Daily corona round-up

Oh, right — coronavirus

Our global pandemic took a back burner this last week as protests against police brutality filled the nation’s streets for the last 10 days or so. But make no mistake: We are still coronavirus-ing. In a big way. The last few days have been terrible for North Carolina, which we’ll get to in a moment. Bur first, some news.

Some news

  • The curfew has been lifted in Greensboro and High Point. Winston-Salem never had one.
  • NC legislators are putting together a new bill that would allow for bars and gyms to reopen, in contradiction to the governor’s orders.
  • Gov. Cooper held a press conference today saying that keeping bars closed is part of a long-term strategy to get schools open on time.
  • Greensboro Police Chief Brian James also held a presser, in which he outlined new guidelines for use of force in the department, including banning chokeholds and more.
  • Southeast Ward rep on Winston-Salem City Council James Taylor, also chair of the public safety committee, announced on his Facebook page a plan to reallocate $1 million from the city’s police budget for other public-safety measures.

The numbers

  • We’ve had 3,229 new cases in the last three days in North Carolina.
    • 739 people are currently hospitalized, using 75 percent of the state’s in-patient beds, 86 percent of the ICU beds and 26 percent of available ventilators.
  • Guilford County stands at 1,671 total diagnoses, with 81 deaths and 855 recoveries. That leaves 735 existing cases, 254 of which are in the hospital.
  • Forsyth County has 1,808 total diagnoses, with 17 deaths and 95 recoveries (no new ones listed since April 18). On paper, that means 1,696 cases right now.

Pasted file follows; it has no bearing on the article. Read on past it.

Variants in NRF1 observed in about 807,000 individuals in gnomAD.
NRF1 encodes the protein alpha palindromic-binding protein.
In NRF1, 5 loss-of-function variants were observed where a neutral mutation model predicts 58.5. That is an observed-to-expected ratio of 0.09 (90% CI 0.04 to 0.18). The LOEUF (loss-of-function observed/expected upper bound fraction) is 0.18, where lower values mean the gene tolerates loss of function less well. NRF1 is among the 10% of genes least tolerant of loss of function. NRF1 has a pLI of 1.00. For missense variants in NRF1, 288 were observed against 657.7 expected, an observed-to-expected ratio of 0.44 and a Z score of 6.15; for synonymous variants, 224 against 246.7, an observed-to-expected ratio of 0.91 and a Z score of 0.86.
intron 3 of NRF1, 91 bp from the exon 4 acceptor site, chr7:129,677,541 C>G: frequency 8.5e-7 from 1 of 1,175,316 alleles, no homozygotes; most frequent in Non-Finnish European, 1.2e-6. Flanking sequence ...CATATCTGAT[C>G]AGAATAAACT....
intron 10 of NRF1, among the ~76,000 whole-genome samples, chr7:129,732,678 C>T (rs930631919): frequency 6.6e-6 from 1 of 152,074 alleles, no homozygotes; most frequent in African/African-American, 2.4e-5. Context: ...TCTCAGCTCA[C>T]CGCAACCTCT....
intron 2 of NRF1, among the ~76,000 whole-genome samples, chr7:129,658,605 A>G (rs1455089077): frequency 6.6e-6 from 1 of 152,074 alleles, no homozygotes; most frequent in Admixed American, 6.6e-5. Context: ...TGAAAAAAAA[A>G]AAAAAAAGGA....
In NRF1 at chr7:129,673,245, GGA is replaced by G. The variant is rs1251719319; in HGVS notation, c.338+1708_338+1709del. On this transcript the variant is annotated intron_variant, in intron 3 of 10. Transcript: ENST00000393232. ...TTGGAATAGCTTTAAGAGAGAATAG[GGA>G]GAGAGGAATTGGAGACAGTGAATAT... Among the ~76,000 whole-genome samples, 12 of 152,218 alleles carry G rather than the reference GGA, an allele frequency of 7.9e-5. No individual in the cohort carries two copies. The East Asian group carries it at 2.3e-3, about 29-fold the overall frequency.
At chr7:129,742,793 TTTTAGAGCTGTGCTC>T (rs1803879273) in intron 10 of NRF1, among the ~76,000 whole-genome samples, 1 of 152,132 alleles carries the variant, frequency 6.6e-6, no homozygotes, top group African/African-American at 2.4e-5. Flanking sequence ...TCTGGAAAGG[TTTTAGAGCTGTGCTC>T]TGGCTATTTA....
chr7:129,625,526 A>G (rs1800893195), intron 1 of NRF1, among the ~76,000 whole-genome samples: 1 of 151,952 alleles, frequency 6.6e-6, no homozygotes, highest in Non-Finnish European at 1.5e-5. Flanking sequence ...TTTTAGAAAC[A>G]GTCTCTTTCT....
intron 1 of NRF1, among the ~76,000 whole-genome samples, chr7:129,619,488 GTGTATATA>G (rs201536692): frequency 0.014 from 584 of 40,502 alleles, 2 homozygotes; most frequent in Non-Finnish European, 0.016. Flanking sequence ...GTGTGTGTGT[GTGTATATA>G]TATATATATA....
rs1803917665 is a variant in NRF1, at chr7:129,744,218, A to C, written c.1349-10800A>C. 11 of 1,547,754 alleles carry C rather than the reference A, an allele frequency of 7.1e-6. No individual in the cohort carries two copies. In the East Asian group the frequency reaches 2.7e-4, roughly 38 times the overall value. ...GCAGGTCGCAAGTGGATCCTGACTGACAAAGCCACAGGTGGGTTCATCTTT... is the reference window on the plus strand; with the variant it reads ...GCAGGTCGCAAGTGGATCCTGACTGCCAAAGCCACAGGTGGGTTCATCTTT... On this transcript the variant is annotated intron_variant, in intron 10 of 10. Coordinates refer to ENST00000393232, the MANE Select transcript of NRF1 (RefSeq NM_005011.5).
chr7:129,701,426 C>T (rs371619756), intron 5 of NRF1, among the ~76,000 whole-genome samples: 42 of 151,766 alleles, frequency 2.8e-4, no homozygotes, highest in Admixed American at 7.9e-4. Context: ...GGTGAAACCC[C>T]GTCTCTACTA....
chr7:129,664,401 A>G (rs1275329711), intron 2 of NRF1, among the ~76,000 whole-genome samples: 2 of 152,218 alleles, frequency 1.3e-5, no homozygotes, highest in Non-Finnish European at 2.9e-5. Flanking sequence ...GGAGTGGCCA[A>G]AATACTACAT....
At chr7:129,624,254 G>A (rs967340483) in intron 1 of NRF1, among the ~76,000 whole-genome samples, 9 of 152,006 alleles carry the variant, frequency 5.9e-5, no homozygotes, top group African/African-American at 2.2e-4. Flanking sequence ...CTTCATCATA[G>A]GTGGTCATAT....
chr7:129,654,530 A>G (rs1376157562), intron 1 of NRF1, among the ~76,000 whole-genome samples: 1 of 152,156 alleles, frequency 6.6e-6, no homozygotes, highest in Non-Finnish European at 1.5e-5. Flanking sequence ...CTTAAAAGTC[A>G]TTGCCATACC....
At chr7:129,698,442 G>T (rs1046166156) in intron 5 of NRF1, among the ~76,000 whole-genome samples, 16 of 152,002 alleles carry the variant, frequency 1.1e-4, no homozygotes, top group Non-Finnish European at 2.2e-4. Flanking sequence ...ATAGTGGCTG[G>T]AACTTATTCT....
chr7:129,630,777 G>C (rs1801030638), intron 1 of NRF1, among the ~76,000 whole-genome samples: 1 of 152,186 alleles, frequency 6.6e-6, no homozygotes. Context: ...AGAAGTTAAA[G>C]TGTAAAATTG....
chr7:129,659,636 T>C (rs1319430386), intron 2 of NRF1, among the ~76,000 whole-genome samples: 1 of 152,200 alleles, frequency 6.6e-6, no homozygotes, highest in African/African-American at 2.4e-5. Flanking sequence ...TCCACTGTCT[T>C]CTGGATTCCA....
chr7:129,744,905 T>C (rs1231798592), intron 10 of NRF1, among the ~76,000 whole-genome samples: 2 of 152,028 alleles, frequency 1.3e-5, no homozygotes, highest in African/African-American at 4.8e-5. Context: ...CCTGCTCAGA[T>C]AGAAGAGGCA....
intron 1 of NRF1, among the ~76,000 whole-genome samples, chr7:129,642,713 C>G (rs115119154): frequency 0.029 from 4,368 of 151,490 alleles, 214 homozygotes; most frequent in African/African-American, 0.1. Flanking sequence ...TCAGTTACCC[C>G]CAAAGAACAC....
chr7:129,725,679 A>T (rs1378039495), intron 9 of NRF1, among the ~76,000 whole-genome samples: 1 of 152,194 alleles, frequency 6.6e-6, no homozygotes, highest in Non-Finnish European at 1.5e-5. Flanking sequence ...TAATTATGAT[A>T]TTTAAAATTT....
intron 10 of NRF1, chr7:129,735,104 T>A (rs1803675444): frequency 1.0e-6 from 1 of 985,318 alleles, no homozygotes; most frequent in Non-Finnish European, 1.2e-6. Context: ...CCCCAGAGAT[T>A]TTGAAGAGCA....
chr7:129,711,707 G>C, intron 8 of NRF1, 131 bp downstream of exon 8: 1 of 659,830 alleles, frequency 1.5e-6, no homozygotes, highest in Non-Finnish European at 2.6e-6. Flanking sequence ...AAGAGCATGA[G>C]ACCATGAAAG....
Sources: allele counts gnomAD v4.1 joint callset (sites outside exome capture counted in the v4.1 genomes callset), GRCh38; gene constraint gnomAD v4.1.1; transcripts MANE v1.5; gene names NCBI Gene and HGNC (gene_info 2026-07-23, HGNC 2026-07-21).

A diversion

Racist systems need constant reinforcement. This was especially true during Jim Crow, when free black folks might be tempted to rise above the station created for them by white folks. Newspapers were complicit, banks and other lending institutions and, most particularly, the entertainment industry, which kept black actors in roles that reinforced negative stereotypes. “Amos ‘n’ Andy” was one of the earliest specimens of this phenomenon, begun as a radio show in 1928, it survived the move to television and ran on the air until 1960. Note: It does not hold up, but I include it here to demonstrate the subtle ways in which racial roles have been reinforced during our most contentious times.

Program notes

Program notes

Join the First Amendment Society, a membership that goes directly to funding TCB‘s newsroom.

We believe that reporting can save the world.

The TCB First Amendment Society recognizes the vital role of a free, unfettered press with a bundling of local experiences designed to build community, and unique engagements with our newsroom that will help you understand, and shape, local journalism’s critical role in uplifting the people in our cities.

All revenue goes directly into the newsroom as reporters’ salaries and freelance commissions.

⚡ Join The Society ⚡